I awoke the next morning with a renewed energy and drive and, after my morning ritual of black coffee and the news, pulled out Holden’s business card and gave him a call.

The phone rang once and went right to voicemail, “Hello, you have reached Reverie Enterprises, please leave a message and we will return your call. And remember, whether you think you can or you can’t, you’re right.” 

I proceeded to leave my name and number, saying that we had met the other day in the downtown business district and I looked forward to receiving his call.

Another day of self-evaluation passed with no call from Holden or any of his voicemail-implied associates, so I decided to give him another call on Wednesday morning.

After dialing his number and getting a half ring, it again went to voicemail, “Thank you for calling Reverie Enterprises, we are happy you called and look forward to speaking with you; please leave your name, number, and reason for calling and we will return your call as soon as we are able. And remember, a positive mindset yields positive results all of the time, not just for you, but also for those around you.”  

I was inspired. As much as I wanted to talk with this “Entrepreneur,” I was just as happy to receive these daily pieces of advice and inspiration. It was precisely what I needed to motivate myself to become recharged and go back to work, eventually, with a renewed sense of vigor.

I took the rest of the week for myself and when I walked into what used to be my office the following Monday, I handed my boss my letter of resignation, effective immediately, and walked back out of the office down to where I had first encountered “Mr. Holden R. Reveries” and, lo and behold, he was there, handing out his business cards to recently-let-go businessmen and businesswomen. Only this time he was offering tidbits of advice to each, “Go and follow your dreams, no matter what they might be,” “You have to live today like you’re going to die tomorrow,” “No matter how bad things seem right now, they could always be worse; be thankful for what you do have and, more importantly, who you have in your life.”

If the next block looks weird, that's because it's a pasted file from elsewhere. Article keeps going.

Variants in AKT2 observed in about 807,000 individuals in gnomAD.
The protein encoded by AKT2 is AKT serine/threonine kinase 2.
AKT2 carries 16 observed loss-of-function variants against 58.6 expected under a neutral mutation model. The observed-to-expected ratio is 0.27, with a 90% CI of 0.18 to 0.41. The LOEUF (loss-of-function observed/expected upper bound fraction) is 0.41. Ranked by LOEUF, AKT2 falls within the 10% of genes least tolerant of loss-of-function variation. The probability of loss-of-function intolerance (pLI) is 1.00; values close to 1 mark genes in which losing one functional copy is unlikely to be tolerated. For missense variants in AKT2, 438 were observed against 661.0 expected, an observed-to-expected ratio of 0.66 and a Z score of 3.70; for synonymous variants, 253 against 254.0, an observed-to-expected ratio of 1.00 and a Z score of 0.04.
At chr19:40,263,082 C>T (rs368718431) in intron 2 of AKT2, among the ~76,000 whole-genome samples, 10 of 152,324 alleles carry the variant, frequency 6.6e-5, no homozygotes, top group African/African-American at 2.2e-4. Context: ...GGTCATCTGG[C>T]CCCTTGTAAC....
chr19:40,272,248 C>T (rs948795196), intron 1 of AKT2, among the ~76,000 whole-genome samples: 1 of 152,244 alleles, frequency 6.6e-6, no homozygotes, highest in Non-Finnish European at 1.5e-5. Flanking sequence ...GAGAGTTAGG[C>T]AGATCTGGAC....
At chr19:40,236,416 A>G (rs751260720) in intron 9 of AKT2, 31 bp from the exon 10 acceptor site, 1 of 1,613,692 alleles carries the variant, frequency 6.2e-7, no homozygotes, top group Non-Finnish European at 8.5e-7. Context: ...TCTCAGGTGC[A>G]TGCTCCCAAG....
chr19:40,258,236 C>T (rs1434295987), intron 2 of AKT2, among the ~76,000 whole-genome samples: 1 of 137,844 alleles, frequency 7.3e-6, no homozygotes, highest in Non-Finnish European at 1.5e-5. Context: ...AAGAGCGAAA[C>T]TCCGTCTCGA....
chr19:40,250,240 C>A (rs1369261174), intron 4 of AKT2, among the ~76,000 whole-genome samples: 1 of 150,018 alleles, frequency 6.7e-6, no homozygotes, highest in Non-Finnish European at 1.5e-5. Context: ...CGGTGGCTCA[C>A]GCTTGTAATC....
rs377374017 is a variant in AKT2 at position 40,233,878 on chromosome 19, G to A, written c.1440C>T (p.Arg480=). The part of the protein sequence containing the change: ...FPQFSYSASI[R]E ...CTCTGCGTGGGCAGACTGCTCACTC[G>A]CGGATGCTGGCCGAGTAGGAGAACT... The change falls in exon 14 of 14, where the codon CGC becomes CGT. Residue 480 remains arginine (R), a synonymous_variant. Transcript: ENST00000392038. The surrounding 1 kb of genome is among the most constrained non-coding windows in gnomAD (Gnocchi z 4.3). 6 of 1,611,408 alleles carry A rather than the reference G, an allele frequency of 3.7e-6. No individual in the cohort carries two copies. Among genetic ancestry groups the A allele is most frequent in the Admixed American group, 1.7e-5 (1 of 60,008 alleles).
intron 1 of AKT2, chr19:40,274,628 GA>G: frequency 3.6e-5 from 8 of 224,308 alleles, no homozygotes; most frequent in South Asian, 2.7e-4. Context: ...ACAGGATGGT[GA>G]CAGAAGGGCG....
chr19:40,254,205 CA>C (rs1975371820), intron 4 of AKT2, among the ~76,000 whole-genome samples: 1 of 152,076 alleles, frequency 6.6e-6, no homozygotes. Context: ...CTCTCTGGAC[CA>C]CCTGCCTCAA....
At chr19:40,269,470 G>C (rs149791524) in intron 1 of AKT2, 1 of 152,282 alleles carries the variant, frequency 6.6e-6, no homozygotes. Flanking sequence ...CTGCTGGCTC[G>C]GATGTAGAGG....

I walked home with a smile on my face and as soon as I opened the door, I embraced my partner and told him that I was sorry about the fight we’d had over the last week. We vowed to talk things out from now on and to not react to the situation.

I hadn’t told Tyler anything about Mr. Holden R. Reveries, but I didn’t need to, for he had been in a minor, no injury, fender-bender on Tuesday and instead of handing him an insurance card, the responsible party handed Tyler a business card with the name Mr. Holden R. Reveries on it. However, instead of “Entrepreneur,” as it read on the card Holden had handed to me, it said, “Philanthropist,” and attached to the back was a check for $25,000 with “Pay It Forward” scripted beautifully on the memo line.

 



Copyright  ©  2014 Joshua Dallaire

 
Joshua D. Dallaire is in the final leg of completing his Master’s at Southern New Hampshire University, where he studies English & Creative Writing. He works as an adjunct instructor at Manchester Community College in Manchester, New Hampshire where he teaches a variety of developmental English courses, focusing mainly on expository writing and vocabulary building. In the past, he has taught several public speaking courses. Additionally, he works as a tutor at the same institution, helping students with a variety of English courses, as well as research papers. In his spare time, he enjoys reading, writing, plunking on the piano, or devoting time to his other four jobs, which center, individually, around high school and ESL-focused education and language acquisition.